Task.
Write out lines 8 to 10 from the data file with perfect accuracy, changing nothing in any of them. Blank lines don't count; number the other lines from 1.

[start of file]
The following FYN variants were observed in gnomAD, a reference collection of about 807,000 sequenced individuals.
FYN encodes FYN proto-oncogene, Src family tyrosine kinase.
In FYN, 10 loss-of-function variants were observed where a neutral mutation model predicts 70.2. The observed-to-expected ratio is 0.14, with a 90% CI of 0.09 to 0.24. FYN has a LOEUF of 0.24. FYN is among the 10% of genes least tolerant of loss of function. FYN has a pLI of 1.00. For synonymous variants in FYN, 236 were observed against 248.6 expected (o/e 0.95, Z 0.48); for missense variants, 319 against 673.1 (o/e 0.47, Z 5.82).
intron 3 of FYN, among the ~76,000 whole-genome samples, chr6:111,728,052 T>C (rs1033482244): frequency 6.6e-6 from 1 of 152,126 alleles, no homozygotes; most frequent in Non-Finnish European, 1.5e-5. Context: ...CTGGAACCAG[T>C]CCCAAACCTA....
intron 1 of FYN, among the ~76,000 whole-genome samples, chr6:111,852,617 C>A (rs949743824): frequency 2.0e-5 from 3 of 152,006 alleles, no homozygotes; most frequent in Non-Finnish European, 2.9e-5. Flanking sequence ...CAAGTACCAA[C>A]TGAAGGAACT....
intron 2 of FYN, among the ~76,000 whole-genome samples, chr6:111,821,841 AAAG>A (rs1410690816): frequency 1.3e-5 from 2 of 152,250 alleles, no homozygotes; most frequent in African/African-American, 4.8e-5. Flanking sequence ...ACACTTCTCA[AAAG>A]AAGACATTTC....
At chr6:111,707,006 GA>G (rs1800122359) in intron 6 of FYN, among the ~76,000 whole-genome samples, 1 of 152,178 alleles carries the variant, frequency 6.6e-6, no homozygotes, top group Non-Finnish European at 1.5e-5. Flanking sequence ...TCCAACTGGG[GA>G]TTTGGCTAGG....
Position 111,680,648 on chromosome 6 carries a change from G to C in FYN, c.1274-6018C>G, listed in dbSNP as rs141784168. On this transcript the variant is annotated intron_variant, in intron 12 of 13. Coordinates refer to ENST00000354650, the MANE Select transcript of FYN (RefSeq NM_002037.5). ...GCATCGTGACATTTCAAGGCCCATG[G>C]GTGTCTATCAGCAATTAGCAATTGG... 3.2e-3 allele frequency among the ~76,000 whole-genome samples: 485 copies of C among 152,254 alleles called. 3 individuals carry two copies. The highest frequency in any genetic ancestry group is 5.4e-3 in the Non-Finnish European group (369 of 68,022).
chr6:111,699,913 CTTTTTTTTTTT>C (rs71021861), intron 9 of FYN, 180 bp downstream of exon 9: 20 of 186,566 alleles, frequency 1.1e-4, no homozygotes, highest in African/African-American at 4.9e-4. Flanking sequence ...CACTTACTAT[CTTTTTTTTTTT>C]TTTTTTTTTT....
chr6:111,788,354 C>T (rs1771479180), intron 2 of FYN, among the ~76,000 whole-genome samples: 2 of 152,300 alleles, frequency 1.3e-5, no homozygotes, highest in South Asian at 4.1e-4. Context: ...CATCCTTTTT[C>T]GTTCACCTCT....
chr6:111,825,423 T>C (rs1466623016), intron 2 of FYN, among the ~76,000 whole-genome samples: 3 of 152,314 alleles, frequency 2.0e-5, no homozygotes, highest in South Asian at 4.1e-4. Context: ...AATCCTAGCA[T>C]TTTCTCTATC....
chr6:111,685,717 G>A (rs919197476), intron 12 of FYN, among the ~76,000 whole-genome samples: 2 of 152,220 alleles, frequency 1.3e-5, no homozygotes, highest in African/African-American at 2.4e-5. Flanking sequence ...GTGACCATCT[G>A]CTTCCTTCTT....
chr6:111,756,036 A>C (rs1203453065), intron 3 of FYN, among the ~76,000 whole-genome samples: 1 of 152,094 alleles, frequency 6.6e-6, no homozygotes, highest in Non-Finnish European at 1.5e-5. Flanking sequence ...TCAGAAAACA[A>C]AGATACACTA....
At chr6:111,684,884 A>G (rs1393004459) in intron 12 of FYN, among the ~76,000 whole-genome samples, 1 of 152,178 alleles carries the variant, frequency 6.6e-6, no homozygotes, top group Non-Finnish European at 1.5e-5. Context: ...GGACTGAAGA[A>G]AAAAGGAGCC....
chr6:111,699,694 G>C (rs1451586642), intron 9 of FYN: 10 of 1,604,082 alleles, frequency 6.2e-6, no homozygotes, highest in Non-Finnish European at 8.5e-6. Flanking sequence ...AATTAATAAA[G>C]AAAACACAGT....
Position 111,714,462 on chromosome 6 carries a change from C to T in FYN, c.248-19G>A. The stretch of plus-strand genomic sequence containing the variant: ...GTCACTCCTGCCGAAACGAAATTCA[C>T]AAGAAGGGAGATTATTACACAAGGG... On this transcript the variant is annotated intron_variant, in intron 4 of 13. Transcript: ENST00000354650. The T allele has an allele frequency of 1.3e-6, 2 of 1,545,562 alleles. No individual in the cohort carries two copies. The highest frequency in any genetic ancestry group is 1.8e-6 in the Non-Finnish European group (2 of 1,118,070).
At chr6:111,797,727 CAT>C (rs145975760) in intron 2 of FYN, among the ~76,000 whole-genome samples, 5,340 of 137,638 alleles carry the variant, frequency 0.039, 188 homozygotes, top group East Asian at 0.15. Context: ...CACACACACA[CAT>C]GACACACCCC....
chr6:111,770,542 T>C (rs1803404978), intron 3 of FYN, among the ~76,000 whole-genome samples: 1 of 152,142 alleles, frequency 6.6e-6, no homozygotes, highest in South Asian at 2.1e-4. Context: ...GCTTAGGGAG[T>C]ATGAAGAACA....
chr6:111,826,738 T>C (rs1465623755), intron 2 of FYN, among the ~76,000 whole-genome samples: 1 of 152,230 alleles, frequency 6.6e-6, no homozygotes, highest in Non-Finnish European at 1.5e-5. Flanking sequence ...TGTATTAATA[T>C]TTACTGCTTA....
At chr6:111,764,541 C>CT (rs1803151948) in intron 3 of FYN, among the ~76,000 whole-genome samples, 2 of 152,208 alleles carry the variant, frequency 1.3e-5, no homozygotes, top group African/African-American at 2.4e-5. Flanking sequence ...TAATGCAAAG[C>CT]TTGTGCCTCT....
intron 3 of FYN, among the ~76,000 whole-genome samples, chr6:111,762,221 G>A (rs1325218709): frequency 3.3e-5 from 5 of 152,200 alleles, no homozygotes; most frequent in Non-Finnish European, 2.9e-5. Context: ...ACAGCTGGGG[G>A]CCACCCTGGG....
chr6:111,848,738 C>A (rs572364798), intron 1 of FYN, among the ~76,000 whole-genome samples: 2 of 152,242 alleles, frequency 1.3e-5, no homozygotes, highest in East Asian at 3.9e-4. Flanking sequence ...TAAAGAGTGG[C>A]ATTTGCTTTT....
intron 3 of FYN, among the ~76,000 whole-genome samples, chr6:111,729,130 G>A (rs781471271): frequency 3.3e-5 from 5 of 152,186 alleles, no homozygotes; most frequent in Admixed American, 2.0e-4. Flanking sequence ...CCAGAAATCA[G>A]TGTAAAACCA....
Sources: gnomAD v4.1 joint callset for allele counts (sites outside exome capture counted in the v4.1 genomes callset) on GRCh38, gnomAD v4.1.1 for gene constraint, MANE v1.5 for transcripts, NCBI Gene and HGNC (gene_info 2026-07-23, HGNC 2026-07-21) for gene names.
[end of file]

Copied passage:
Position 111,680,648 on chromosome 6 carries a change from G to C in FYN, c.1274-6018C>G, listed in dbSNP as rs141784168. On this transcript the variant is annotated intron_variant, in intron 12 of 13. Coordinates refer to ENST00000354650, the MANE Select transcript of FYN (RefSeq NM_002037.5). ...GCATCGTGACATTTCAAGGCCCATG[G>C]GTGTCTATCAGCAATTAGCAATTGG... 3.2e-3 allele frequency among the ~76,000 whole-genome samples: 485 copies of C among 152,254 alleles called. 3 individuals carry two copies. The highest frequency in any genetic ancestry group is 5.4e-3 in the Non-Finnish European group (369 of 68,022).
chr6:111,699,913 CTTTTTTTTTTT>C (rs71021861), intron 9 of FYN, 180 bp downstream of exon 9: 20 of 186,566 alleles, frequency 1.1e-4, no homozygotes, highest in African/African-American at 4.9e-4. Flanking sequence ...CACTTACTAT[CTTTTTTTTTTT>C]TTTTTTTTTT....
chr6:111,788,354 C>T (rs1771479180), intron 2 of FYN, among the ~76,000 whole-genome samples: 2 of 152,300 alleles, frequency 1.3e-5, no homozygotes, highest in South Asian at 4.1e-4. Context: ...CATCCTTTTT[C>T]GTTCACCTCT....